I write YA and NA thrillers, for the most part. My debut novel Blood and Water (Oct. 2015) is a YA post-apocalyptic thriller about a group of teenagers whose lives have been drastically altered by a global pandemic. But the novel doesn’t focus on the virus itself. Instead, I’m more concerned with the way people act in the face of trauma and how widespread tragedy changes human behavior. I love exploring the ways that different circumstances can change group dynamics and relationships, and (I hope) that’s reflected in Blood and Water—and all of my writing, for that matter.
I plan to turn Blood and Water into a series sometime soon, even though the idea of writing a series has me sweating like a sinner in church.
Right now, I’m working on a YA urban fantasy that’s a murder mystery, but with shapeshifters. It’s about an girl named Ramachandra who struggles to accept her body by becoming other people—and in a way, it’s also about facing the man who tried to break her.
I’m a writer because my life is boring, and I get my kicks from watching other people suffer and succeed, I rejoice with them in their highs and mourn their losses and their lows. No, really, I’ve always been a storyteller. When I was a kid, my grandfather used to tell us stories when he came to visit. I loved the way he used language to form something out of nothing, and I wanted more than anything to emulate that.
In college, I started off studying psychology. I’m fascinated by human behavior. But psychology wasn’t immersive enough for me. I wanted the ability to take on someone else’s mannerisms, memories, and motivation—like I could as an actor—but I wanted more control than the stage could provide me. I wanted to get inside these characters’ heads, but also affect the course of their lives through events and interactions. I kind of wanted to play God. And so I turned to writing. The rest is history.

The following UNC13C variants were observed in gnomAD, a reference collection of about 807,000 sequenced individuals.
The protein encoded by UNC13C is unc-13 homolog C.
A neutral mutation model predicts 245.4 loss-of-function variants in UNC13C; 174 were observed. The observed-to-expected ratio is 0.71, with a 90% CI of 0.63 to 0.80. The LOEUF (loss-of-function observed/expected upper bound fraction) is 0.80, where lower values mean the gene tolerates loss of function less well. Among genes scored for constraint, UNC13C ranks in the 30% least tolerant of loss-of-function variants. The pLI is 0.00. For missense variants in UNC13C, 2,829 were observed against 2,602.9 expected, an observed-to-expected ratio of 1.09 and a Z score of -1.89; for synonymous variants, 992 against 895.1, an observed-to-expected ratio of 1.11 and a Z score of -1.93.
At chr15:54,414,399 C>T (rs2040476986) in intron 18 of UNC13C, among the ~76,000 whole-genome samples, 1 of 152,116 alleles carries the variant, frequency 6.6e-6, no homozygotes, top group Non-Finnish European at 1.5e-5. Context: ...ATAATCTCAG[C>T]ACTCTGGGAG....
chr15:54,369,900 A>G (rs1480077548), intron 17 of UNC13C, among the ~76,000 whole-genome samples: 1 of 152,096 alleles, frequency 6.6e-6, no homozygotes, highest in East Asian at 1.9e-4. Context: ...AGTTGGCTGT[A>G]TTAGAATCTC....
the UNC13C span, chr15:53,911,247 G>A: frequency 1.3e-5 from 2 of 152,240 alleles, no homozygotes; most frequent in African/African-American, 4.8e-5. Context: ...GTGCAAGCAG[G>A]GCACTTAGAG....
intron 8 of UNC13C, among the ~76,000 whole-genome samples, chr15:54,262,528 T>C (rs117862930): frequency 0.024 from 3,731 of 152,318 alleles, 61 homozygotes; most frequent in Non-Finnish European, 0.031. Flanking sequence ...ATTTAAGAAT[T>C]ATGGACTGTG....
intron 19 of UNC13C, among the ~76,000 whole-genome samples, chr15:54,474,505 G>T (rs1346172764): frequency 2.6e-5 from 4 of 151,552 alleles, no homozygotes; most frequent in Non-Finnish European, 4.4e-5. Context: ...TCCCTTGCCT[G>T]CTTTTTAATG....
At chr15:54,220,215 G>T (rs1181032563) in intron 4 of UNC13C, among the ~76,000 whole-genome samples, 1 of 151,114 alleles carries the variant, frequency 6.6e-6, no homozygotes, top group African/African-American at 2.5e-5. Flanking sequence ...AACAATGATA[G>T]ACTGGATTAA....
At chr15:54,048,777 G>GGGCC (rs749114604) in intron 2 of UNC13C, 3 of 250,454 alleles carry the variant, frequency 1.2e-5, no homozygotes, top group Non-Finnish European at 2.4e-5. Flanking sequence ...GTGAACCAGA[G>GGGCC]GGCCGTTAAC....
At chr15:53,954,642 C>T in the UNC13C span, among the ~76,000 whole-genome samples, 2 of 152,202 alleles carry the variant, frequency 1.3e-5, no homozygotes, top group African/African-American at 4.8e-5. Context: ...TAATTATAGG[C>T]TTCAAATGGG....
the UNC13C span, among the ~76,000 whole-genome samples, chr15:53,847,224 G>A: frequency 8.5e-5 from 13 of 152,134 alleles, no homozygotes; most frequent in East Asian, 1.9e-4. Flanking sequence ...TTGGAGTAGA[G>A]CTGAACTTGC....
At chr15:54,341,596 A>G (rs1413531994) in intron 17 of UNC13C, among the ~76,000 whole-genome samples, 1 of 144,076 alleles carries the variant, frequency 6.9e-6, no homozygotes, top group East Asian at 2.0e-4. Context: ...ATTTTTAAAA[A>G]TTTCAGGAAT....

Lord, I have no idea. How do I ever manage to write anything at all? My expectations and self-set standards are much higher than is healthy. Sometimes (read: often) I try to do too much and run myself into the ground. Sometimes life doesn’t make any sense. Writing allows me space to breathe; some order in the chaos. I outline, albeit loosely, and that keeps me grounded for the most part. I’m not afraid to deviate from the outline if the characters pull me onward, though.
For me, writer’s block only happens when I don’t know where to go. I don’t know what comes next. Most often, this is because I’m trying to make the characters do something they don’t want to, something they would never do. And then the writing doesn’t flow, because it’s inorganic. I don’t like inorganic. Once I change my approach, the block lifts. Once I let my characters lead, I’m fine. It’s funny how that works.
Briana Morgan is a YA and NA author who loves dark, suspenseful reads, angst-ridden relationships, and complicated characters. Her interest in Jay Gatsby scares her friends and family. You can find her in way too many places online, eating too much popcorn, reading in the corner, or crying about long-dead literary heroes. She has a BA in English, concentrated in creative writing, from Georgia College & State University.
Linda K. Sienkiewicz is the author of In the Context of Love, adult contemporary fiction about one woman’s needs to tell her story without shame.
2016 Sarton Women’s Fiction Finalist
2016 Eric Hoffer Book Award Finalist
2016 Readers’ Favorite Finalist
2016 USA Book News Best Book Finalist
2015 Great Midwest Book Fest Honorable Mention.
“…at once a love story, a cautionary tale, and an inspirational journey. Should be required reading for all wayward teenage girls, and their mothers, too.” ~ Bonnie Jo Campbell, author of National Book Award Finalist, American Salvage, and critically acclaimed Once Upon a River,and Mothers, Tell Your Daughters